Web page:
Those of you who follow and are subscribed to this channel will be well-aware of my love of football stadiums – or stadia – but what you’re likely unaware of is my fascination with abandoned places. I’ve gone down the rabbit hole of looking at ghost towns and abandoned cities online for many more hours than anyone really ought to, so today’s video is sort of a happy coming together of two things that I have long been interested in.

At the time of recording this video, this channel is vanishingly close to reaching 200,000 subscribers, and indeed I suppose it’s possible it will have eclipsed that number once this video comes out. I said I would do a Q&A when the channel hits 200,000, and I do still intend to do that, although I don’t actually own a camera. I will soon, or may already have stuck up a post on the YouTube community page and on Twitter where you can send in any questions you’ve ever wanted to ask me over the last couple of years, and I’ll do my best to answer them. So if the channel hasn’t yet hit 200,000 subscribers, now is the time to subscribe, and even if it has, do still subscribe – I’d quite like one of those big plaques you get at one million subscribers some day.

To be clear, this video is about currently abandoned football stadiums. To qualify, the stadiums primary use must have been to host association football matches when it was in action, it must no longer have an active occupant – and I include training and reserve team uses in that. For that exact reason, stadiums like the Great Strahov Stadium in Prague, which is now just a training centre for Sparta Prague, or the Estadio Nacional Mane Garrincha, which is now virtually out of use but does still have two very small teams playing there cannot feature. I want entirely abandoned stadiums and I settled for nothing less during my research for you, the good people of YouTube…

Here are my 7 fascinating abandoned football stadiums:

7. Landhof Stadion

We start this seven in Switzerland; a land of chocolate, cheese fondue and tax-dodging billionaires. Switzerland is also the home of FC Basel, who are based in Switzerland’s third most populous city of Basel. Some of you may know that FC Basel have played at the 38,000 seater St. Jakob Park since 2001. St Jakob Park was built on the site of their old home St. Jakob Stadium, which was the most used ground when the Swiss hosted the 1954 World Cup.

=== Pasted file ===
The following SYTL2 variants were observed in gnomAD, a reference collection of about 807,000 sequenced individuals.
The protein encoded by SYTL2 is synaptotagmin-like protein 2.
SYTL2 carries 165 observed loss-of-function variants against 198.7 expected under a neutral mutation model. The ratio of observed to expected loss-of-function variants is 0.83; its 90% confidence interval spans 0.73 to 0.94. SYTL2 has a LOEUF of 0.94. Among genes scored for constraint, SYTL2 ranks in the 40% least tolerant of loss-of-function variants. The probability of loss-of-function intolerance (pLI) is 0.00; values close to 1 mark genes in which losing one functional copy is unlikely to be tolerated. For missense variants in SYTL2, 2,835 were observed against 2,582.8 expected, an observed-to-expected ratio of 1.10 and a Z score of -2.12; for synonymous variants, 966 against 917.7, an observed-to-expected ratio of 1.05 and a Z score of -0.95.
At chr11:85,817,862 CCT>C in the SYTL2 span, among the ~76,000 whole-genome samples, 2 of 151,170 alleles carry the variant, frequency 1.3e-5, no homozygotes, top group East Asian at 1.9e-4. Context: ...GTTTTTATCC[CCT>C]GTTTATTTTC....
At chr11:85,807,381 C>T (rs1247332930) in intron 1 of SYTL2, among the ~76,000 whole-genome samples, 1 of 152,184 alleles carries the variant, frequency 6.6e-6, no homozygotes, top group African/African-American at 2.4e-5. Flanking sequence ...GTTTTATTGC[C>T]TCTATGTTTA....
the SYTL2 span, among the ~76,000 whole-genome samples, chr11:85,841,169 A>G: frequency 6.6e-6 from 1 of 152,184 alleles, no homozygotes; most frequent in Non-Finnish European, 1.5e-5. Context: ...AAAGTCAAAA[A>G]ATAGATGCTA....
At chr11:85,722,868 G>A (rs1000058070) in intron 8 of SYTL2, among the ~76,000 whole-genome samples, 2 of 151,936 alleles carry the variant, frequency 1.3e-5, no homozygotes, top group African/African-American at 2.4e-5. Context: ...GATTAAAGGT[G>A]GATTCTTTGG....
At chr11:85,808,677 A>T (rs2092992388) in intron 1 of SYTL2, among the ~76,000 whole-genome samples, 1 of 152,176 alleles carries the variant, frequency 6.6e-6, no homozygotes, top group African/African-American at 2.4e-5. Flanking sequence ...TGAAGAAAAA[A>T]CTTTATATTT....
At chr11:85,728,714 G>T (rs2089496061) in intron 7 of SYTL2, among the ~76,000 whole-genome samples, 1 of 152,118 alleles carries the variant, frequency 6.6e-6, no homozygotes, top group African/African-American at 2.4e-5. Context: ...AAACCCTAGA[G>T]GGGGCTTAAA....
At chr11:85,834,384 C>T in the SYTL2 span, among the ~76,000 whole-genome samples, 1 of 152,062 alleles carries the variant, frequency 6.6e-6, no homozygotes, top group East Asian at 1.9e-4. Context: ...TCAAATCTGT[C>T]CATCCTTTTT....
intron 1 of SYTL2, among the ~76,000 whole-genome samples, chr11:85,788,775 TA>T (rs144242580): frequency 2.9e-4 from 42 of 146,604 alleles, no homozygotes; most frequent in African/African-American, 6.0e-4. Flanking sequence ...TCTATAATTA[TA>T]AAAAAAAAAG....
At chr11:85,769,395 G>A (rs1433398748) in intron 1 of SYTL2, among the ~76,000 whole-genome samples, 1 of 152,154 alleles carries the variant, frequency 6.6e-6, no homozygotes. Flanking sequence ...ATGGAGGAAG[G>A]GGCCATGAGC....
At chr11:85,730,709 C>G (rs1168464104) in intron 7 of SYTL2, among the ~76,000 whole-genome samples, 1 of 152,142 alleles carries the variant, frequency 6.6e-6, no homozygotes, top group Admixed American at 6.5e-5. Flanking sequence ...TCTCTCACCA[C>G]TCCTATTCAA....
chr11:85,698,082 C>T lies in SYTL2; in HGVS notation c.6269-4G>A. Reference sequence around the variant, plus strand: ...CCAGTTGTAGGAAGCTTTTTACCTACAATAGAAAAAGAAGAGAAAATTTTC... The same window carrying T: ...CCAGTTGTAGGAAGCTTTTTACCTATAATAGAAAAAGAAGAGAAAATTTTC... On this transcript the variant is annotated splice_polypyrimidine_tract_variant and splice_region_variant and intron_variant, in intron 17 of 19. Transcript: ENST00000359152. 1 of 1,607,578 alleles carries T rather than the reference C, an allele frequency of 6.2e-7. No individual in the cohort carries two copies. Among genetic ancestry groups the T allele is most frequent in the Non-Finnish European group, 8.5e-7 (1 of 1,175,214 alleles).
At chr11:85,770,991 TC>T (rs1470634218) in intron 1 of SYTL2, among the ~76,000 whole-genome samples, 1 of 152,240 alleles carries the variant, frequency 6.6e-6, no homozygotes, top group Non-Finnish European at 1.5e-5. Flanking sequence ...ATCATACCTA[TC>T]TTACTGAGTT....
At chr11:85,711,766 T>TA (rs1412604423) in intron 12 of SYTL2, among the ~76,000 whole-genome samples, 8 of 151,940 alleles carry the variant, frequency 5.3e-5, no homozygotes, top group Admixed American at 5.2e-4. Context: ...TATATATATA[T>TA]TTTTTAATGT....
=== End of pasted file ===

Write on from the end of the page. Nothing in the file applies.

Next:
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Clearly, St. Jakob Stadium is no more then, but Basel’s previous home ground, known as ‘Landhof Stadion’, is remarkably still standing. The Landhof Stadion opened in November 1893, the same month FC Basel were founded, and it remained the club’s home up until 1967 – when FC Basel began playing at St. Jakob Stadium. Basel kept using the Landhof as a training ground up until the early 1990’s, but the stadium has had no official use since then.

As not just Basel’s first home but also the first national stadium of the Swiss national team, the Landhof holds a special historical significance in Switzerland. Even those without an interest in football have protested plans to knock down the ground in favour of property developments though, since it represents an incredibly rare slice of green in what is now an almost entirely built-up Basel city centre. This is one abandoned stadium that could be here to stay.

6. Cathkin Park

Cathkin Park in Glasgow, Scotland. The park contains the site of the second Hampden Park, previously home to the football clubs Queen’s Park (from 1884–1903) and Third Lanark (from 1903–…

Queen’s Park featured in my video on 7 small football clubs playing in huge stadiums, with the fourth tier side still playing at the 50,000+ Hampden Park for now. The current Hampden Park, which opened in 1903, is actually the third Hampden Park that Queen’s Park have played at. The first and the original Hampden Park opened in 1873 as the first enclosed football stadium in the United Kingdom with turnstiles, but it closed in 1883 and is long gone now, occupied by railway lines and a lawn bowling club in 2019.

The second Hampden Park, however, which is the one we’re dealing with here, opened in 1884, and would host football for considerably longer. Queen’s Park only actually spent 19 years at their second Hampden before moving onto their third in 1903, at which point Third Lanark Athletic Club took over at the ground. They renamed the stadium Cathkin Park, and played there from 1903 up until the club faced financial hardship and ultimately liquidation in 1967.